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William Lowell Putnam, Trustee Emeritus

Born in Springfield, Massachusetts, in 1924, Bill Putnam is the son of Roger Lowell Putnam (the trustee of Lowell Observatory for 40 years) and Caroline Piatt Jenkins. As sole trustee of Lowell Observatory, Putnam brought a wealth of business experience and a lifetime of ingrained family commitment to the stewardship of one of the largest privately operated research observatories in the world. Putnam is the grandnephew of Percival Lowell, the Observatory?s founder.

Before assuming the Lowell trusteeship in 1987, Putnam had accumulated nearly 40 years of management experience. As founder, president and CEO of the Springfield Television Corporation, Bill Putnam oversaw the operation of three television stations, including the NBC affiliate in western Massachusetts. During this time, he performed a variety of duties ranging from guiding the building of facilities to staffing cameras and delivering editorials. In 2001, Putnam was inducted into the Broadcasting Hall of Fame.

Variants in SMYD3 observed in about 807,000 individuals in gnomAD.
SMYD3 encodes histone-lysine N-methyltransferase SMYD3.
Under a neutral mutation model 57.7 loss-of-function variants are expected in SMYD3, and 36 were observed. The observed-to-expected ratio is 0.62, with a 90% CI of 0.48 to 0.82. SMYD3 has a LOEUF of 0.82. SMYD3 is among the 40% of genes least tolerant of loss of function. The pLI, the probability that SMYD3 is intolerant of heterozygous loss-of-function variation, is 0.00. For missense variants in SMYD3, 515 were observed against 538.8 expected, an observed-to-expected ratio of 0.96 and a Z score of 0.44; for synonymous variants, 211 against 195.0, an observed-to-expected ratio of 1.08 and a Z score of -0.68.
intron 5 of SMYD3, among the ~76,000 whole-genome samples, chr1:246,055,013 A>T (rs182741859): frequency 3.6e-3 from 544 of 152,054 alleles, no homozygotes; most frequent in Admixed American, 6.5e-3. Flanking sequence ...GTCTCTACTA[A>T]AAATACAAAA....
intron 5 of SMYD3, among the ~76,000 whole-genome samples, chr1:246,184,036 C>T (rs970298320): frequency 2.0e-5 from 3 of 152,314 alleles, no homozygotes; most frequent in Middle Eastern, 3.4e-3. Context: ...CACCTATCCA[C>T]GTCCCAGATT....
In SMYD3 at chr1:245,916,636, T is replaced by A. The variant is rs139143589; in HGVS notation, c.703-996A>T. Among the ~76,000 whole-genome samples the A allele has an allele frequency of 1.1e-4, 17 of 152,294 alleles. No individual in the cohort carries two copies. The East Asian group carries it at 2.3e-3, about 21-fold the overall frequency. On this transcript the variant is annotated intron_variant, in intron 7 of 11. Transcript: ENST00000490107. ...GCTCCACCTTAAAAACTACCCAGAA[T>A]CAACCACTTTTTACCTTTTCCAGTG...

At Lowell, Bill was particularly interested in opening our facilities to the public. During his tenure, a new 6,500-square-foot visitor center was built and programs for visitors were greatly expanded. He also was instrumental in beautifying our grounds. In part because of his efforts, which included personally building many stone walls and planting dozens of trees, we received a number of awards. Putnam also established an international advisory board of lay people and distinguished astronomers to help guide the Observatory into the future.

Former Lowell Observatory director Robert Millis says that Putnam's greatest contribution was been his encouragement of an aggressive management approach, which entails long-range planning, risk-taking, and experimentation. As a result, both research staff and facilities expanded significantly and private sector support grew from almost zero to nearly $2.5 million in 2006.

Putnam is also a trustee of the Mt. Washington Observatory in North Conway, N.H.

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Putnam is a well-known figure on the international mountaineering scene. For 30 years he was the American delegate to the UIAA (the International Association of Alpine Societies). He is a past president of the American Alpine Club and has been elected to honorary membership in the Appalachian Mountain Club (America?s oldest such society), the American Alpine Club, the Alpine Club of Canada, the Association of Canadian Mountain Guides, and, of course, the UIAA.

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